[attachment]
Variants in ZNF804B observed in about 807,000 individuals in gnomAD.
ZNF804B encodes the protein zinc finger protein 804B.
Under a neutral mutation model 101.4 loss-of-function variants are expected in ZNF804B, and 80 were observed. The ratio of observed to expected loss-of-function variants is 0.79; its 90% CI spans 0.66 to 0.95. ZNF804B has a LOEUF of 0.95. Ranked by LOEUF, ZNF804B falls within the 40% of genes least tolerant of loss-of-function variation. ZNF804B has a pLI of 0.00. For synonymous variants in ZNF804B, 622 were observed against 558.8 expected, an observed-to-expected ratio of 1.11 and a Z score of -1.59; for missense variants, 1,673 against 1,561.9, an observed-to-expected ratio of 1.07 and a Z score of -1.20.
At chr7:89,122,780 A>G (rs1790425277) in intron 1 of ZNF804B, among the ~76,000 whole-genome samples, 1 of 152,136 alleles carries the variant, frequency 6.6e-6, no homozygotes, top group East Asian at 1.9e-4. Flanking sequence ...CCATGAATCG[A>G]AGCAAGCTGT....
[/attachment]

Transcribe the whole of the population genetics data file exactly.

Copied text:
Variants in ZNF804B observed in about 807,000 individuals in gnomAD.
ZNF804B encodes the protein zinc finger protein 804B.
Under a neutral mutation model 101.4 loss-of-function variants are expected in ZNF804B, and 80 were observed. The ratio of observed to expected loss-of-function variants is 0.79; its 90% CI spans 0.66 to 0.95. ZNF804B has a LOEUF of 0.95. Ranked by LOEUF, ZNF804B falls within the 40% of genes least tolerant of loss-of-function variation. ZNF804B has a pLI of 0.00. For synonymous variants in ZNF804B, 622 were observed against 558.8 expected, an observed-to-expected ratio of 1.11 and a Z score of -1.59; for missense variants, 1,673 against 1,561.9, an observed-to-expected ratio of 1.07 and a Z score of -1.20.
At chr7:89,122,780 A>G (rs1790425277) in intron 1 of ZNF804B, among the ~76,000 whole-genome samples, 1 of 152,136 alleles carries the variant, frequency 6.6e-6, no homozygotes, top group East Asian at 1.9e-4. Flanking sequence ...CCATGAATCG[A>G]AGCAAGCTGT....